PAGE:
TALENT: He'd be a better guest, I guess, than I would. Well, I mean, he's going to get a lot of fire that's not so friendly in the two debates over the weekend. I mean, these debates have been I think very revealing. Governor Romney is a good debater. We expect and hope that if he gets the nomination, he'll do a good job against Barack Obama.

MORGAN: Well, tell him we'd love have to have him back on and he's slightly hiding at the moment so out you come, tell him.

TALENT: Well, the one thing you can't do in this process is hide. You can do a lot of things. I'll pass that along. I'm sure he'd love to be on.

MORGAN: Send him my very best. Thank you very much, Mr. Talent. I appreciate it.

TALENT: Will do. Thank you, Piers.

MORGAN: When we come back, the youngest victim of the shooting that killed Gabby Giffords. Now her parents Roxanna and John Green tell me their very moving and emotional story.


MORGAN: Christina Taylor Green's young life was book ended by tragedy. She was born on September 11th, 2001 and she was the youngest victim of the shooting last year that wounded Gabrielle Giffords and killed five other people. There's much more to here story.

Joining me now are her parents Roxanna and John Green, they've written a book "As Good as She Imagined." The (INAUDIBLE) story of the angel of Tucson, Christina Taylor Green. Welcome to you both. I've just become the father of a young baby daughter, my first girl. When I read this, it was just heartbreaking to read this. It's the ultimate nightmare I think for any parent. I can't imagine a worse scenario for you. Do you ever get over this kind of thing? Can you ever imagine a time when you will get over it? Do you just cope with it day to day? How has it been for you?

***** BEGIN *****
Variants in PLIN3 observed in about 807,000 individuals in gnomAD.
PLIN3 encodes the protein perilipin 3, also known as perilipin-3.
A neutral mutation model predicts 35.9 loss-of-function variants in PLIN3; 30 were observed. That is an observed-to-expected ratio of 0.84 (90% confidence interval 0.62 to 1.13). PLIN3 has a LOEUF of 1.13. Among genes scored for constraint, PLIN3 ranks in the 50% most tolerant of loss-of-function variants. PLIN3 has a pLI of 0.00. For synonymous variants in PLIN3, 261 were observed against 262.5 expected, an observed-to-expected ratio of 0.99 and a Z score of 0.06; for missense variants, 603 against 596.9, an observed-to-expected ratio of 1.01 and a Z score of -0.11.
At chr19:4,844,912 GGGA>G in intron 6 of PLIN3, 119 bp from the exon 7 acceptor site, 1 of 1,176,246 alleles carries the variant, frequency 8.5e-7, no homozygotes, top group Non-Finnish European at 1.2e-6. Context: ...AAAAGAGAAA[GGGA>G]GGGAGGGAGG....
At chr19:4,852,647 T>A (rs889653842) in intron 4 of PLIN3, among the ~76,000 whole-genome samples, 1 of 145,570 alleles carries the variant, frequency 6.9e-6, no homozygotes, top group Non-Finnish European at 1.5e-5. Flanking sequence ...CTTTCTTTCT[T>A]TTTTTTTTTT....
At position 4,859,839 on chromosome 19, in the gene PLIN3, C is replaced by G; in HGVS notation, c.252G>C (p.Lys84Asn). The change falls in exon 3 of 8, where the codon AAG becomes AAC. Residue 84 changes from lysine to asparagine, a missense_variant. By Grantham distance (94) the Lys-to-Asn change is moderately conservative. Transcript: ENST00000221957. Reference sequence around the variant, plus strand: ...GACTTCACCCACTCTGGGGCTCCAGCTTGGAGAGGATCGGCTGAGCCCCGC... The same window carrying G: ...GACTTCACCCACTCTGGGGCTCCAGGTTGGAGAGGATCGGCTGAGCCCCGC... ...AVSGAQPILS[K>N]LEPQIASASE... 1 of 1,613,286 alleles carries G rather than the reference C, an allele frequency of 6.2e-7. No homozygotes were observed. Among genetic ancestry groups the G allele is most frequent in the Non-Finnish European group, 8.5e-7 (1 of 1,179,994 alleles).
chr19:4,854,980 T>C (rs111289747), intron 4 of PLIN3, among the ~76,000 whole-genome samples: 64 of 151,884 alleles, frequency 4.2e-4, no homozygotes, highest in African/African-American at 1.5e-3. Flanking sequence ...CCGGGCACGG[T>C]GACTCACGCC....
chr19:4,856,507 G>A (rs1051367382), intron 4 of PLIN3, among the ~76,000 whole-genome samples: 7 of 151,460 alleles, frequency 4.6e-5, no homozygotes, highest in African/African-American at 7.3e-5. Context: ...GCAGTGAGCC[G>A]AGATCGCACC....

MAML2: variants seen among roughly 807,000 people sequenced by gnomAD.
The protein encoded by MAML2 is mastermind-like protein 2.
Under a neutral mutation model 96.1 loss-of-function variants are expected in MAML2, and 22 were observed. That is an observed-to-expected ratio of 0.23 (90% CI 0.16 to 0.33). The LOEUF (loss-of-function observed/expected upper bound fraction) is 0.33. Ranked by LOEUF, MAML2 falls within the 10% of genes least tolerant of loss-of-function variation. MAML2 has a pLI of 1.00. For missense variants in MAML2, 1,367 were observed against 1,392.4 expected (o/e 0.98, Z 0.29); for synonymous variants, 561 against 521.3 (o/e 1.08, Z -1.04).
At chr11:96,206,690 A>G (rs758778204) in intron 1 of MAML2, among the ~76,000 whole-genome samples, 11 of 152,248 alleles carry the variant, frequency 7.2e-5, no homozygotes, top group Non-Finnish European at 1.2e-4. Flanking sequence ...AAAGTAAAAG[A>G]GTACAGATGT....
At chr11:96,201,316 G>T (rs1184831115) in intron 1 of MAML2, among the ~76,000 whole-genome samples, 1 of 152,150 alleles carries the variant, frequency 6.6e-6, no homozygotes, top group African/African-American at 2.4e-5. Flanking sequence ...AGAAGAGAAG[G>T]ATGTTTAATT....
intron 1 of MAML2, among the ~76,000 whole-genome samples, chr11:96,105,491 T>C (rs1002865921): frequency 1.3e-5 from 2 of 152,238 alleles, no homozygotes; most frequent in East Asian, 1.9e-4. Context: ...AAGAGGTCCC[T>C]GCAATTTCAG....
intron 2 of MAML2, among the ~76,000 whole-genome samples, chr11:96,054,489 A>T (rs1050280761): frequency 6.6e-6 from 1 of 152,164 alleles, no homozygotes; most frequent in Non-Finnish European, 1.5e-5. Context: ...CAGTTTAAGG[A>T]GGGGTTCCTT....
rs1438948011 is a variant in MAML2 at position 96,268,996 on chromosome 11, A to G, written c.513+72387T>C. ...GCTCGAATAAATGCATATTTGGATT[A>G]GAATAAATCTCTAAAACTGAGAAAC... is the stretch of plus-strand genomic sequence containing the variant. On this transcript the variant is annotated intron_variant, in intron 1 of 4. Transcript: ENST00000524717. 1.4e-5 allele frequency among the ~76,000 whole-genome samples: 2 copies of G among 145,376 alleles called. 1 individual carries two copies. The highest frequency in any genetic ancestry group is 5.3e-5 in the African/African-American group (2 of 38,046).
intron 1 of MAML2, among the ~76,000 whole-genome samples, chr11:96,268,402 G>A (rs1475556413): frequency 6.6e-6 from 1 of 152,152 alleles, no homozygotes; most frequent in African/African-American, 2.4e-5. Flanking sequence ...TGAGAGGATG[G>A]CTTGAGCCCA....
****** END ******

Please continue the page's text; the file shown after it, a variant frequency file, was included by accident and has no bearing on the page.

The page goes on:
ROXANNA GREEN, CHRISTINA-TAYLOR GREEN'S MOTHER: I don't think we'll ever get over it. The pain will always be there. Time does heal some wounds but this is one that will always stay with us forever. We're always going to miss her be and we're always going to be sad about it.

MORGAN: The picture you paint of her - she's a bright, funny, you know, very cheery girl. Tell me about your daughter.

JOHN GREEN, CO-AUTHOR, "AS GOOD AS SHE IMAGINED": Yes, she had a lot of qualities. She was very outgoing. She loved to get people together and play and things like that and she would direct, you know, direct traffic. One day I went over to her school to visit her during lunch hour, during recess. And I peeked around and she had about eight kids around her and she was - I saw her she was telling them you go this way and all the other girls go this way and the kids meet in the middle. You know that's what she liked to do. Very social, very - you know, she had a competitive fire to her, too. MORGAN: On the day you were just going about your normal lives and you get this awful call. You hear first, Roxanna and then, John, you get a call. It must be a sense of disbelief and then you realized she's been caught up in this horrific incident. Gabrielle Giffords has been shot, presumed dead and other people have been gunned down, what were you thinking when this was all unfurling?

ROXANNA GREEN: I was thinking it was a nightmare and I was going to wake up. So I kept on pinching myself and hoping that it wasn't real. It was that horrendous. It was horrible. And then days after that, I would go to her room and hope to find her in her room. But you know, obviously, you know that it is real and you just - day by day, you just try to cope. And we have a deep faith in god so we prayed a lot and that helped us.

MORGAN: I interviewed Mark Kelly recently, Gabrielle Giffords' husband, a remarkable man in many ways. And he was saying how desperate they feel for those who lost their lives and I think particularly probably for Christina, she's so young. You know, she would have been 10 in November - in September.

JOHN GREEN: September 11.

MORGAN: He was saying really, you know, it's hard to reconcile what happened. Have you been able to get to that point? I mean, you, I know John, you first discovered your daughter was dead, was told, did they get (INAUDIBLE) the person who did this?


MORGAN: And did it give you any kind of comfort that they had?

JOHN GREEN: It definitely it. I don't know how people, say like Natalee Holloway's parents coped with not knowing. We knew exactly what happened to our daughter, it was tragic and you know, we're still dealing with that today. But again, our faith and our family and our friends kind of got us through, you know, coping with the issues of losing a child.

MORGAN: It's an incredibly powerful book and I commend people to read it. What was it like for you to be involved in the writing. Was it cathartic in any sense?